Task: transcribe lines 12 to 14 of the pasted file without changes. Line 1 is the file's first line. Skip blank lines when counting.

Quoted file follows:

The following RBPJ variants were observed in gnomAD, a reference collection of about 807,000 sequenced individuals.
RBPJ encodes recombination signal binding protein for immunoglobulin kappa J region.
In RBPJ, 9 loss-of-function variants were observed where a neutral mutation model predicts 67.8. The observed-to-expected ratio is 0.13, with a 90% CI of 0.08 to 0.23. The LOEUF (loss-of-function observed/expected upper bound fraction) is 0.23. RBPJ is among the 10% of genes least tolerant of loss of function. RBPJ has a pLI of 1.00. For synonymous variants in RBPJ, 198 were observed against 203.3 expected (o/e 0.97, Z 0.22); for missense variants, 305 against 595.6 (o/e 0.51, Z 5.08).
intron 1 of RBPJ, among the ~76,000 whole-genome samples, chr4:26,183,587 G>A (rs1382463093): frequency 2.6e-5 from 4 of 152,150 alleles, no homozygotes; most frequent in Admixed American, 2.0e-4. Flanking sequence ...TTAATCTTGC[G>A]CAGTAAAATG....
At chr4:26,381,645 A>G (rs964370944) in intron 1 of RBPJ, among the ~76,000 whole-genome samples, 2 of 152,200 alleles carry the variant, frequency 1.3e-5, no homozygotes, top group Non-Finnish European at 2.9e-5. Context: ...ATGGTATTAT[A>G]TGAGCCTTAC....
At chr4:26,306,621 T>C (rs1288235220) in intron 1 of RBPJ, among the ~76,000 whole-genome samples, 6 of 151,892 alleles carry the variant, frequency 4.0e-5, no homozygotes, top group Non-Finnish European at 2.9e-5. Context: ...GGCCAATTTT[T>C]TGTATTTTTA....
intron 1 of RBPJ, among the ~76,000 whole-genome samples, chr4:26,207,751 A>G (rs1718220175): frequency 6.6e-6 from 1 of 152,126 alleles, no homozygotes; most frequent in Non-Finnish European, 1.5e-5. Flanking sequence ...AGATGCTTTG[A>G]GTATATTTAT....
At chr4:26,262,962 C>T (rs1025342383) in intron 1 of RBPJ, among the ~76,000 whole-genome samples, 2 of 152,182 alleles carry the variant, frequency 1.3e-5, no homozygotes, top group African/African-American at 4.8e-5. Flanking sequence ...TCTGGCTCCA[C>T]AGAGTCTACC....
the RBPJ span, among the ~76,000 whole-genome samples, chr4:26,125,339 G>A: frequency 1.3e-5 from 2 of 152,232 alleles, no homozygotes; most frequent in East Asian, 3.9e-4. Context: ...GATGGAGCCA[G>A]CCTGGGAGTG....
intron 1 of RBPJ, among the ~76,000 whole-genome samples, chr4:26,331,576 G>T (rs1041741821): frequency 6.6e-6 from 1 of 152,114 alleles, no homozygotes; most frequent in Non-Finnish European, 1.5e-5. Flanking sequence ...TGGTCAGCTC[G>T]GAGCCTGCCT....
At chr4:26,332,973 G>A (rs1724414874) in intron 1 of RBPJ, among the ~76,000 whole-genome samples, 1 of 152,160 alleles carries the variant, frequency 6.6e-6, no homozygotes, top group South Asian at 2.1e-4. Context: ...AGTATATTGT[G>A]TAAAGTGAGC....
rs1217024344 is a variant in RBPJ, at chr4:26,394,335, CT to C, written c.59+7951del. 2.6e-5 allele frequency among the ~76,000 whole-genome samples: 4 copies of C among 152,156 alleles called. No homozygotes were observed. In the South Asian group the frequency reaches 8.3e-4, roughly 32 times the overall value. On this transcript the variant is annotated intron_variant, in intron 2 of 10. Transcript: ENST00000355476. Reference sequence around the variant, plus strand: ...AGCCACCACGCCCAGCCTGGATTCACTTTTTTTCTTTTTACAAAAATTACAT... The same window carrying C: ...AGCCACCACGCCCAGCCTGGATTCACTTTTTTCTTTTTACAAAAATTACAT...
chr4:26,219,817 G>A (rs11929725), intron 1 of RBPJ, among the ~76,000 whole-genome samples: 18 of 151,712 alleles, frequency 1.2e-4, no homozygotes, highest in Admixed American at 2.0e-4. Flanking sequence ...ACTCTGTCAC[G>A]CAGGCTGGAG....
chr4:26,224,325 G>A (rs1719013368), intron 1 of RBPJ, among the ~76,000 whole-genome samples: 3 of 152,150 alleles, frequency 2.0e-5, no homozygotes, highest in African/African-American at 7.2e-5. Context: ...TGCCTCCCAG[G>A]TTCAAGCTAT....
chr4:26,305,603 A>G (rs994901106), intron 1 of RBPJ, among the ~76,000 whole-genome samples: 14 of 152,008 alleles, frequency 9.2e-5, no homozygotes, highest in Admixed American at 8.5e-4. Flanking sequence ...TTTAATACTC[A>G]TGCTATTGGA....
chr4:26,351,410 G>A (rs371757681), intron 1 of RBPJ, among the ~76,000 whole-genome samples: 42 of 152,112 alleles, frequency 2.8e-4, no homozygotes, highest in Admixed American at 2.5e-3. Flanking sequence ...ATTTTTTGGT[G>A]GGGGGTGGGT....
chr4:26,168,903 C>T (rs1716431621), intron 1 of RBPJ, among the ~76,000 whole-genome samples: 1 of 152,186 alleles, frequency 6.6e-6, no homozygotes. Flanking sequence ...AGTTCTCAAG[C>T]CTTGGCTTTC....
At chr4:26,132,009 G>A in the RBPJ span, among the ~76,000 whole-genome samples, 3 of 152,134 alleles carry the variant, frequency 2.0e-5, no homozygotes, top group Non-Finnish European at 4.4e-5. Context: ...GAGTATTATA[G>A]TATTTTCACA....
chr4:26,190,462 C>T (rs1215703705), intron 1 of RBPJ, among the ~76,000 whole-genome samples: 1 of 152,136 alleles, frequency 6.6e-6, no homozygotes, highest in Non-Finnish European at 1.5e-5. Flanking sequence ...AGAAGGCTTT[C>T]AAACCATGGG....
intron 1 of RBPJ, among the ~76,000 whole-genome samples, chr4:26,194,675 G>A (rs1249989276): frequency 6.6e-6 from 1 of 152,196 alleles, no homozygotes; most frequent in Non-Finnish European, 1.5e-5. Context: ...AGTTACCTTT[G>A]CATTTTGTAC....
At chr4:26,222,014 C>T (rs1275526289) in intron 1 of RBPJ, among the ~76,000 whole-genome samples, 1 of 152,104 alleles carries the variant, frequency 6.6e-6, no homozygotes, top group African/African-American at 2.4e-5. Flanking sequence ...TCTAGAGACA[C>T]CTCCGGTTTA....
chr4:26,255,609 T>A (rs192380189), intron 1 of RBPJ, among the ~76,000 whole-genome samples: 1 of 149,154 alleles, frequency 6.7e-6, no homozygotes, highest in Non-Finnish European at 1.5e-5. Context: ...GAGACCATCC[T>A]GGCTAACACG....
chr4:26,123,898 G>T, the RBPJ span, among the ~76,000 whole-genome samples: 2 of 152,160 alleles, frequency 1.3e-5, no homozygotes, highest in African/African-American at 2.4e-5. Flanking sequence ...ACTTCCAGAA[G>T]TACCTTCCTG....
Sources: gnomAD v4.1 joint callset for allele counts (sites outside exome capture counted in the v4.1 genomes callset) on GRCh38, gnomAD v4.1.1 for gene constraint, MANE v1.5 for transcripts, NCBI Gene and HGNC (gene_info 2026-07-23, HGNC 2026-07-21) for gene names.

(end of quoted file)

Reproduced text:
rs1217024344 is a variant in RBPJ, at chr4:26,394,335, CT to C, written c.59+7951del. 2.6e-5 allele frequency among the ~76,000 whole-genome samples: 4 copies of C among 152,156 alleles called. No homozygotes were observed. In the South Asian group the frequency reaches 8.3e-4, roughly 32 times the overall value. On this transcript the variant is annotated intron_variant, in intron 2 of 10. Transcript: ENST00000355476. Reference sequence around the variant, plus strand: ...AGCCACCACGCCCAGCCTGGATTCACTTTTTTTCTTTTTACAAAAATTACAT... The same window carrying C: ...AGCCACCACGCCCAGCCTGGATTCACTTTTTTCTTTTTACAAAAATTACAT...
chr4:26,219,817 G>A (rs11929725), intron 1 of RBPJ, among the ~76,000 whole-genome samples: 18 of 151,712 alleles, frequency 1.2e-4, no homozygotes, highest in Admixed American at 2.0e-4. Flanking sequence ...ACTCTGTCAC[G>A]CAGGCTGGAG....
chr4:26,224,325 G>A (rs1719013368), intron 1 of RBPJ, among the ~76,000 whole-genome samples: 3 of 152,150 alleles, frequency 2.0e-5, no homozygotes, highest in African/African-American at 7.2e-5. Context: ...TGCCTCCCAG[G>A]TTCAAGCTAT....